|Featured story: COVID-19 and drug policy in Nigeria
This week, we bring you stories from civil society advocates working on harm reduction and drug policy reform in Nigeria, where the pandemic has been devastating for people who use drugs, people in prisons and detention centres, and other marginalised communities.
Too many have lost their sources of income and are now faced with skyrocketing prices of drugs of deteriorating quality, while already limited health and harm reduction services have become less accessible. Amidst increased exclusion and precariousness, overdose rates and domestic violence are reported to be on the rise.
Through IDPC’s COVID-19 Survey
, Nonso B. C. Maduka, from the Bensther Development Foundation, noted that movement restrictions caused by the pandemic have forced people who use drugs into more remote and riskier places to live.
Nigeria’s drug laws are some of the most draconian in the region. The simple possession of small amounts of drugs is punishable by five to twenty years
imprisonment, resulting in a growing prison population, seventy percent of which is still awaiting trial
Photo credit YouthRISE Nigeria
According to Seyi Kehinde, of YouthRISE Nigeria, there have been cases where people caught for drug possession have also been victims of extortion by law enforcement officers demanding bribes – forcing people to choose between corruption or incarceration. Organisations like YouthRISE Nigeria have been working to educate stakeholders about evidence-based drug policy and encouraging law enforcement to uphold human rights and adopt strategies that provide alternatives to arrests and incarceration.
Unlikely allies in the fight against mass incarceration
Due to fears of deadly outbreaks in prisons, Nigeria is one of the 109 countries where prison release measures have taken place. More than 3,750
people have been released so far, with thousands more expected to be released based on executive or judicial decisions. Unfortunately, only certain groups of incarcerated people are eligible to be considered for these release measures, such as the elderly, people with health conditions, pregnant women, and people who have nearly concluded their sentences. People charged and/or convicted with drug-related offences have been excluded.
Seyi and his colleagues at YouthRISE Nigeria are responding to this exclusion criteria through advocacy, aiming to ’expand the [government’s] amnesty criteria to include young people and those in prisons for low-level drug offences.’ They are currently focusing on four prisons across the country, reviewing warrants for those held in pre-trial detention, as well as collaborating with legal officers and lawyers.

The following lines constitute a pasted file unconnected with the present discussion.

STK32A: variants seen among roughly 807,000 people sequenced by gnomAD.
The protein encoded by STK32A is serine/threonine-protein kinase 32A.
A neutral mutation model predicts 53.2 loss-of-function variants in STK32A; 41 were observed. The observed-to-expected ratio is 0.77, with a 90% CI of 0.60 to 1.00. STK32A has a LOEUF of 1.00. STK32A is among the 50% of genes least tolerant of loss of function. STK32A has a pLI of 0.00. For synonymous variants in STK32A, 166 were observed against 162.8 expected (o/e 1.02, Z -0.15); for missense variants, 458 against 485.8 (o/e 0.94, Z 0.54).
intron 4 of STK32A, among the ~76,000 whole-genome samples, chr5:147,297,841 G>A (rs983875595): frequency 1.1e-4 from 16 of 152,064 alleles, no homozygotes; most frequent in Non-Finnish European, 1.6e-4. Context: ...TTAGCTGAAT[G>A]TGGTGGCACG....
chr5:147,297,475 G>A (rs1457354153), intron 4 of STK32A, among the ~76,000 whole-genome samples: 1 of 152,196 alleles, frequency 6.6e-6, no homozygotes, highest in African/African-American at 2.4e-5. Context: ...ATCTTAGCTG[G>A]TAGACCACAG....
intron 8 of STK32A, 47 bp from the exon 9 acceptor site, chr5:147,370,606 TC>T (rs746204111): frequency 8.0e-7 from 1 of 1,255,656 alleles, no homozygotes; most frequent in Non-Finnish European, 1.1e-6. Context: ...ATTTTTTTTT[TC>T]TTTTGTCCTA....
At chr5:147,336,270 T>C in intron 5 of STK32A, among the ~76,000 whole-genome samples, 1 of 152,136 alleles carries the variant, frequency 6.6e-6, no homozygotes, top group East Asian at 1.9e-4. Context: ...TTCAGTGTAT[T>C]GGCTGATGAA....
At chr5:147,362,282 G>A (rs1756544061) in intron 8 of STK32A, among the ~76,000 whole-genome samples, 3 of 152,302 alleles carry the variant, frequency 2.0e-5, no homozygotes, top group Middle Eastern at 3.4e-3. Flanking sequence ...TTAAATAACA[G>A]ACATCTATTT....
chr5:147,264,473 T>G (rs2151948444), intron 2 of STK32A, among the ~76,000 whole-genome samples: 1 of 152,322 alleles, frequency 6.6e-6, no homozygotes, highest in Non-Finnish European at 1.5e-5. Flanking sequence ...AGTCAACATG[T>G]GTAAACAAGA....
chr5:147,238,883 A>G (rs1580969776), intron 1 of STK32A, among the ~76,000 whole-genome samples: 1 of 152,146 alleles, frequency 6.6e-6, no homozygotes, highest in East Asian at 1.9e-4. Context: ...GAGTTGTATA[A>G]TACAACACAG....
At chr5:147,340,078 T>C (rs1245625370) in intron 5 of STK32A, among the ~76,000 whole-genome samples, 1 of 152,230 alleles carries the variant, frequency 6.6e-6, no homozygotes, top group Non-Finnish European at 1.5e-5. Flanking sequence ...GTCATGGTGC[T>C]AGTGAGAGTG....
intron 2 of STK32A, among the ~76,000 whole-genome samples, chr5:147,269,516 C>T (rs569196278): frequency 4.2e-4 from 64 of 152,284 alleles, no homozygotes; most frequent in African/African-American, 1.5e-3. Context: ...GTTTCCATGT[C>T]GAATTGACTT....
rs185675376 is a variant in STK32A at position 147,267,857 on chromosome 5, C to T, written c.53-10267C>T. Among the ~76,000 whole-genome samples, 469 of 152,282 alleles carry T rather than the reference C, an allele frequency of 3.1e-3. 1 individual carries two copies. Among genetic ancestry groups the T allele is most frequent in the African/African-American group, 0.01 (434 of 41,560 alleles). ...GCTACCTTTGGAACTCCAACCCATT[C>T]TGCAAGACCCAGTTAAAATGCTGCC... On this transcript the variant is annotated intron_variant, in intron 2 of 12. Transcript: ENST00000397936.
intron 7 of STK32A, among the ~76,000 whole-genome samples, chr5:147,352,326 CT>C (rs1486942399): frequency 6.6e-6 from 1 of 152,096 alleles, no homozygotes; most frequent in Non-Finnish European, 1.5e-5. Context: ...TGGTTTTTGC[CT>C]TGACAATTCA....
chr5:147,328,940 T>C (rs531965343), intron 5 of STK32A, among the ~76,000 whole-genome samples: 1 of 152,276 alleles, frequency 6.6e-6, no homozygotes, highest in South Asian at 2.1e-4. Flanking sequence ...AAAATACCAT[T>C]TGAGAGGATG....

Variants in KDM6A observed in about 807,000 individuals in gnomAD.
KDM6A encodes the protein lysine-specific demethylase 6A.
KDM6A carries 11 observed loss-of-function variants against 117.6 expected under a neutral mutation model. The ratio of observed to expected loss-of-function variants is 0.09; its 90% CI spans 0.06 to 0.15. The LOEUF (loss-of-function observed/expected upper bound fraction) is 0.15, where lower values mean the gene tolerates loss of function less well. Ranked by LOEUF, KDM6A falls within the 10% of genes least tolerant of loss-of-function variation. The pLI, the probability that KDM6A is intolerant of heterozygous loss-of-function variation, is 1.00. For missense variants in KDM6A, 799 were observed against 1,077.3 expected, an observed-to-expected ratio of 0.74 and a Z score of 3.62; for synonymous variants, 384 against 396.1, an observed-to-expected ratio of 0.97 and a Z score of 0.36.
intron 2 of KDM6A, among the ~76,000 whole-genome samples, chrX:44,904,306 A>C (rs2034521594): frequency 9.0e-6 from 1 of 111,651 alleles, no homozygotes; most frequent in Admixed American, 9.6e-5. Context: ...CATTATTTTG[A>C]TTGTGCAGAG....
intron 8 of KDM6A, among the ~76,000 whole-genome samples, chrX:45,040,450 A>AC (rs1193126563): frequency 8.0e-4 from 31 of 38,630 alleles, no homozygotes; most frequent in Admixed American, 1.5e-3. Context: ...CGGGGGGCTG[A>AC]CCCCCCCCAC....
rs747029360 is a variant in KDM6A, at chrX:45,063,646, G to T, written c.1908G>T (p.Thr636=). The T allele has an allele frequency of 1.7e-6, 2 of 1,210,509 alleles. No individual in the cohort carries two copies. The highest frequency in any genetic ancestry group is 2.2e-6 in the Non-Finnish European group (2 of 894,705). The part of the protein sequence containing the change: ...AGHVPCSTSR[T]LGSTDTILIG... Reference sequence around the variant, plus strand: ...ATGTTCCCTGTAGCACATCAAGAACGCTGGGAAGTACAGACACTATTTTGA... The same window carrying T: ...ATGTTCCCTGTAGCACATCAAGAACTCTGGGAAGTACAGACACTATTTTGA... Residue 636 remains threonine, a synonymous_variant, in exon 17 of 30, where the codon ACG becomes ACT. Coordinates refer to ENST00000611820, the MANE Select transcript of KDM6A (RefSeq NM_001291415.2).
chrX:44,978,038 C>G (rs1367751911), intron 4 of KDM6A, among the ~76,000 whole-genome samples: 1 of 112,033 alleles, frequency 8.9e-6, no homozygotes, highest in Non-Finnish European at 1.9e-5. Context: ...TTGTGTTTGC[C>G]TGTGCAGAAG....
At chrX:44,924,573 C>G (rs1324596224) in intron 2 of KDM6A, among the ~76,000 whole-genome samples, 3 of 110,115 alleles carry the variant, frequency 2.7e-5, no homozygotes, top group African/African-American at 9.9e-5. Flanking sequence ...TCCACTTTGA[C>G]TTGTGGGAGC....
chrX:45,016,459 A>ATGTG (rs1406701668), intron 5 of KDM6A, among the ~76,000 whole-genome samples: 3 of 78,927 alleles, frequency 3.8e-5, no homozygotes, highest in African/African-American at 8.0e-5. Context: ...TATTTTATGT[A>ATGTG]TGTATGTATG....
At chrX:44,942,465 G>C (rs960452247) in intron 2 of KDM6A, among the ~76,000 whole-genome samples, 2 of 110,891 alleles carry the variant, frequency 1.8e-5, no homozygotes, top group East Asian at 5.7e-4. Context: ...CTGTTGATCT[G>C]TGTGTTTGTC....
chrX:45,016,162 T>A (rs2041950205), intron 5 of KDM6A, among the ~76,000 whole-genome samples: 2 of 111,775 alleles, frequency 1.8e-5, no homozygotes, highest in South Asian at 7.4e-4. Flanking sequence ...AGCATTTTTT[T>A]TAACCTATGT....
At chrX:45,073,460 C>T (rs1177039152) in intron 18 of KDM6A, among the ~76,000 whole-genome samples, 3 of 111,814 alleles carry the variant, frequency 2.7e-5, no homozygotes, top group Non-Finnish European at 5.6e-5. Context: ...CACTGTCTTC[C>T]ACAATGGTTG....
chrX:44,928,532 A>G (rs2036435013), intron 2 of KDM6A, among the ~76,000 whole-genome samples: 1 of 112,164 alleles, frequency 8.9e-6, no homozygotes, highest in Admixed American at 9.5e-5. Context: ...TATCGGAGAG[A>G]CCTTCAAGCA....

Responding to the overcrowded and unhygienic state of prison facilities, they began providing COVID-19 preventative materials and equipment such as masks for incarcerated people and prison officials alongside basic hygiene supplies, like soap and hand sanitiser. Interestingly, for Seyi and his colleagues, ’this has also served as an entry point to engage with prison officials and state judges,’ who are now more likely to respond positively to advocacy efforts of civil society actors.
Photo credit YouthRISE Nigeria
From one prison to another, YouthRISE has so far helped secure the release of some young low-level offenders including people held for low-level drug-offences.
Lessons of advocacy during COVID-19
Nigeria is one of the many countries around the world where COVID-19 has exposed and magnified the need to address existing structural challenges – from fragile healthcare infrastructures to overwhelmed criminal legal systems, from socioeconomic inequality to oppressive drug laws.
Tapping into this realisation, Seyi said that the COVID-19 crisis simply reminded him of the need for systemic change, as he emphasised in his thought-provoking reflection:
’Drug policy reformers sometimes get carried away with quick small wins – for example with regard to improved access to needle and syringe programmes, which is good – but we also need to approach these issues at its core, meaning focusing on changing the law. At the end of the day, we want a balanced multi-sectoral response to drug use.’
Similarly, Nonso concluded his survey response by underlining the role of COVID-19 in raising questions about the prohibitionist approach to drug policy. COVID-19 ’offers a serious opportunity for more effective advocacy for drug policy reform in Africa.’
When asked about other valuable lessons he and his colleagues have learned during the pandemic, Seyi talked about the importance of cultivating strong networks, strong communities, and strong partnerships. Last but not least, he highlighted the value of continuing to spread messages of empathy and compassion, encouraging people to at least ’imagine how it would feel like to see your children going to prison just because they use drugs.’
Buoyed by the success of the Global Day of Action, when #SupportDontPunish became a Twitter trending topic in the country, Seyi and other advocates are hopeful that things will soon change for the better. As more communities and institutions are becoming better-informed about drugs, the drug policy reform movement is gaining -often unexpected- allies with the courage to speak out against the criminalisation of people who use drugs.